What remains unclear is the extent and significance of the changes it brings about. How far has constitutionalism now carried the Union? Do the existing rules and principles cover mechanics and function alone, and eschew issues of content, such as the question of the nature of a `European' society or political community based on the EU? What role does the `citizen' play in this emerging constitution? In the second part of the chapter, using this frame of analysis, I shall argue that it is possible to derive from the Amsterdam Treaty some evidence of a gradual move from a form of constitutionalism covering just basic rules of design and operation, to a more substantial constitutional conception which delivers a clearer (but still incompletely formed) picture of the content of the EU-polity. For these purposes, the constitution of the citizen in legal and political discourse is a vital tool for constructive analysis. Constitutions are clearly about more than just citizens and citizenship, but in many respects the shifting nature of the EU as a polity is increasingly emphasising the role of the citizen. This is especially so as a matter of rhetorical commitment (`getting the citizen involved', `giving the citizen a stake'), but in addition I would also suggest that what might be termed a `thicker' conception of Union citizenship is emerging, which is central to the development of the EU's constitutional frame. I use the term `thicker' not in order to make a distinction between process and substance in the context of the management of polities (Walzer, 1994, p.11-15), but in order to distinguish between a minimal set of universalist prescriptions, essentially of a moral nature, and a maximal set of particularist values. Thus while we will probably all agree that we are for freedom and against tyranny, a community of interest which shares a view as to exactly why we have these views and what outcomes we want to see would be of a more particularist and therefore maximal nature. Positing the figure of the citizen as central to the evolution of the integration process is motivated partly by the normative preconception that `good' constitutions are not imposed from above, but emerge from a conjunction of top-down and bottom-up forces involving institutional design and citizen participation. It is also driven by the observation that the correct frame of reference for studying `European integration' should not be limited by the formal EU institution building process, but should comprise also `the multiple social processes that have promoted the integration of economic, political, and social life within the larger European framework (Klausen and Tilly, 1997b, p.4).
Hence the second part examines a number of aspects of the constitutional settlement after Amsterdam relevant to the dynamic constitution of the citizen. (1) The first concerns practical and theoretical problems resulting from the proliferation of polities which the increasingly differentiated Union now envisages. The `hard' legal core is called into question by the attempted `constitutionalisation' of flexibility or differentiated integration. This extends across the first pillar enabling arrangements, the new third pillar, and especially the newly communitarised old third pillar and Schengen arrangements. Can there be citizens or members of the multiple polities which the flexible arrangements may in the future give rise to? (2) In the citizenship provisions themselves, one key change is made: Union citizenship is confirmed as complementing not replacing national citizenships. This small change may seem commonplace to students of Union citizenship, and may be intended as a reassertion of national sovereignty in the sense of the power of definition. Paradoxically, it simultaneously confirms the open-textured nature of Union citizenship which is its greatest conceptual strength. (3) Like other EC/EU Treaties before it, the Treaty of Amsterdam appears ambiguous as to whether it implies `more' or `less' Europe - the traditional cleavage in the context of European integration between intergovernmentalism and supranationalism/federalism. I shall argue that what emerges in the Treaty of Amsterdam is a greater awareness of other competing models for socio-economic development, for example, between the competing perspectives offered by regulated capitalism and market capitalism. More relevant to our purposes, I examine the very different visions of the citizen and notions of political community evoked by the `area of freedom, justice and security' and the `European social model'. What implications does this have for the future of an ideal type of `full membership' of the European Union, for the practice of European Union citizenship, and the emergence of some form of European political community which supports a notion of membership? (4) Finally, we shall conclude by looking at the rights dimension of EU citizenship which has been given a considerable amount of not always very flattering attention in the literature thus far. Turning to the Treaty of Amsterdam, formal changes in the status of individuals as holders of rights under EC law are, I would argue, more limited than might at first blush appear: the transparency provisions are concerned with the institutional economy and inter-institutional balance; so far as they affect individual citizens, the fundamental rights provisions essentially restate Court of Justice case law; and the much lauded non-discrimination provision is merely a tightly worded law-making power which may never be exercised. What significance should we now ascribe to the rights core of Union citizenship?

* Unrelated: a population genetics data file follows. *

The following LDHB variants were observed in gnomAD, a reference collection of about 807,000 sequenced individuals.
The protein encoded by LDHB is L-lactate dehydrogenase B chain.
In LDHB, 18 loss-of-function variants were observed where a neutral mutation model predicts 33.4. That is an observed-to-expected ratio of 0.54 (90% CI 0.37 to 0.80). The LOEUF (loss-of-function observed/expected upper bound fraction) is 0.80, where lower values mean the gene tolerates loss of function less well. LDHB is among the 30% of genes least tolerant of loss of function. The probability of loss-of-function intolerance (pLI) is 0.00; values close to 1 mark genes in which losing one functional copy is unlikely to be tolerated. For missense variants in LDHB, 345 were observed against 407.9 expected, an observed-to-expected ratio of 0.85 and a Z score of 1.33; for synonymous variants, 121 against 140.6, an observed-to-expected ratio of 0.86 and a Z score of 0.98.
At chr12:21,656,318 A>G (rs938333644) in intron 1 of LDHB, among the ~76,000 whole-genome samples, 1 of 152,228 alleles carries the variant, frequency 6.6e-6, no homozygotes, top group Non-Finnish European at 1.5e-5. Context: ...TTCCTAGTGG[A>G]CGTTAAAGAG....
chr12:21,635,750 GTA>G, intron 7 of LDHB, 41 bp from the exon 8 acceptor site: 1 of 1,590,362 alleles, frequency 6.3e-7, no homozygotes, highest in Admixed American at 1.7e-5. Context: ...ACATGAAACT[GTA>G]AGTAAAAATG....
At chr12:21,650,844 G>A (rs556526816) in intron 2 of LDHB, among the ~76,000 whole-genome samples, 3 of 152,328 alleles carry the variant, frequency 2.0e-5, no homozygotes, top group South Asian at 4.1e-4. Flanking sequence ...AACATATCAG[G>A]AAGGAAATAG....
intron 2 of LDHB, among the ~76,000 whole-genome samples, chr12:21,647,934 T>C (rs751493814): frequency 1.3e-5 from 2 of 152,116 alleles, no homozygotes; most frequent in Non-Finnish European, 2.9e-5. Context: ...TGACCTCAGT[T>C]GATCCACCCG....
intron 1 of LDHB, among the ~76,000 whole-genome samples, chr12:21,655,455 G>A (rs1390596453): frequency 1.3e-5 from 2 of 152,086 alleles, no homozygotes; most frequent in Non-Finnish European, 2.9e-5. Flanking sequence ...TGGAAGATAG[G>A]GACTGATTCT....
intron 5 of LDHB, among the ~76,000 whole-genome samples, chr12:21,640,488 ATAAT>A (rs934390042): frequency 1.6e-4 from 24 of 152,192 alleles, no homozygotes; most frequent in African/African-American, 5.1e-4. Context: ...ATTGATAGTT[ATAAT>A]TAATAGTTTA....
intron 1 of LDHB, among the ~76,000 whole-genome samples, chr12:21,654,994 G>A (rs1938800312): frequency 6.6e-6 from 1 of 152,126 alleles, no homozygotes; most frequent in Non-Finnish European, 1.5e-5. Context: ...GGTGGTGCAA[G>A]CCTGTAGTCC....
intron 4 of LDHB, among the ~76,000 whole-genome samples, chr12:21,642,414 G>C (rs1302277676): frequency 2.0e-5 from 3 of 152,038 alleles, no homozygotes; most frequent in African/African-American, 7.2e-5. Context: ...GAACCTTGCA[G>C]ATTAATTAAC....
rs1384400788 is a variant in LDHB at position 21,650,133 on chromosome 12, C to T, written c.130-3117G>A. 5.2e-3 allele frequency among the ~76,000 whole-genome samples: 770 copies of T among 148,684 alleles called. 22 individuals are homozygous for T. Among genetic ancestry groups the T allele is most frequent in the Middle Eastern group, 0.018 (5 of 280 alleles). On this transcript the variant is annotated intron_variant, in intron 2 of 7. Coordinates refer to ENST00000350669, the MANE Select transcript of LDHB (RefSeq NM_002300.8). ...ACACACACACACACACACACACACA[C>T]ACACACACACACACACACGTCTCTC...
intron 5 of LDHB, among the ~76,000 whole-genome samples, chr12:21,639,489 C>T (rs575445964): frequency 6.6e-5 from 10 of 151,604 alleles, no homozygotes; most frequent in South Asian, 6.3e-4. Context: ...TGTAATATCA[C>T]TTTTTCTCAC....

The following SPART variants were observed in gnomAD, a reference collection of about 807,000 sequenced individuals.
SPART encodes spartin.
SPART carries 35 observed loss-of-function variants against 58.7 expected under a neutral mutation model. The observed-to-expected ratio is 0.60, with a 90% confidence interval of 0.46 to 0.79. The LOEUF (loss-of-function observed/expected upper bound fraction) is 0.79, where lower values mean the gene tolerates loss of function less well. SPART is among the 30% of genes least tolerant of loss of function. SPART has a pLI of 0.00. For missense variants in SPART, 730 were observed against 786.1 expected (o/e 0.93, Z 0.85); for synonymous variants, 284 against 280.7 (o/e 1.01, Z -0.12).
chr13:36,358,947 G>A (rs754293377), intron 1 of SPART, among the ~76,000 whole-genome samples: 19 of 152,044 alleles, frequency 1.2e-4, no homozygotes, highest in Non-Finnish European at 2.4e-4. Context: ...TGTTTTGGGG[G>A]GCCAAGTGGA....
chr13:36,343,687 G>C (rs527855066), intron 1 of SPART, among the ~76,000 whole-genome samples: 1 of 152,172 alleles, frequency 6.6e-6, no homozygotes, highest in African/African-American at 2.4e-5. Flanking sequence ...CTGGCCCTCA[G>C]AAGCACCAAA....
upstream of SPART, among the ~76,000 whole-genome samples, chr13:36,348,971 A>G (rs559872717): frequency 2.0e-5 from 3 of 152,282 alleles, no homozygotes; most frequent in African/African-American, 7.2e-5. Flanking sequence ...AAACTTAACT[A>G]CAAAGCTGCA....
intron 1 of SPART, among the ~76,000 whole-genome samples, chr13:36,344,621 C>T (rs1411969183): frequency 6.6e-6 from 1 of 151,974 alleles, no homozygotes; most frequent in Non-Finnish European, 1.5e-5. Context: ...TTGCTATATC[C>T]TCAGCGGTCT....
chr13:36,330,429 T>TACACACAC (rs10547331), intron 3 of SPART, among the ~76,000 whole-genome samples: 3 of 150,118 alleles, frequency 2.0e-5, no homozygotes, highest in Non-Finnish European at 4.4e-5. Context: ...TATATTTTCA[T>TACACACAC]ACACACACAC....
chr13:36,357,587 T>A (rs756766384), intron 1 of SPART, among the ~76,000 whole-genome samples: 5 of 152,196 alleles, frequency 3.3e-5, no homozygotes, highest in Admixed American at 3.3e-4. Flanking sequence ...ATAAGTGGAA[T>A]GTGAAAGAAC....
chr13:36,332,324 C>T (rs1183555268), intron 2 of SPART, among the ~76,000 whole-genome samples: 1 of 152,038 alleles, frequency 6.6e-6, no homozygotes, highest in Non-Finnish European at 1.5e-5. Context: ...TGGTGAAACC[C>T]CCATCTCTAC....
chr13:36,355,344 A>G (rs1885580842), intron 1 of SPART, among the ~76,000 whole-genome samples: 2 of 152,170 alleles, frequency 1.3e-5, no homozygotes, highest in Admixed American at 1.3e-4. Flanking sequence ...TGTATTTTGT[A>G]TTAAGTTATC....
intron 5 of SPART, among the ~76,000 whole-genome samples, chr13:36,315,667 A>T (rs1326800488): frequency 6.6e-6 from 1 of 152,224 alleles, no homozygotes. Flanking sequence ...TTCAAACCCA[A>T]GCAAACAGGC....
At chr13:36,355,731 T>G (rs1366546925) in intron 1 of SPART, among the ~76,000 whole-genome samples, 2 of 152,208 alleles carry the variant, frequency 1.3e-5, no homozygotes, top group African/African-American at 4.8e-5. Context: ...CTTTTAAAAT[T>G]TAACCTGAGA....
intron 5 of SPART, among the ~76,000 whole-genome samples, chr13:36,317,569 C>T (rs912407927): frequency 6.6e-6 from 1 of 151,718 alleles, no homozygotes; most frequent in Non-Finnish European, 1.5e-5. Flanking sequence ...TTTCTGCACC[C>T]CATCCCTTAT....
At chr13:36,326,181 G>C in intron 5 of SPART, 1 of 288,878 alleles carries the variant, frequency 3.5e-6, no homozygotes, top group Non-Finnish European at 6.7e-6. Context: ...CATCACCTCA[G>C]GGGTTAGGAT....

There are two other changes which should be mentioned but are not discussed further: under Article 18 [8a] EC, the legislative procedure for implementing the free movement principle is changed from European Parliament assent, to co-decision. Unanimity in the Council is retained. Under Article 21 [8d] EC a third political right of access for Union citizens is included: `Every citizen of the Union may write to any of the institutions or bodies referred to in this Article or in Article 7 [European Parliament, Council, Commission, Court of Justice, Court of Auditors, Economic and Social Committee, and Committee of the Regions] in one of the languages mentioned in Article 314 and have an answer in the same language.'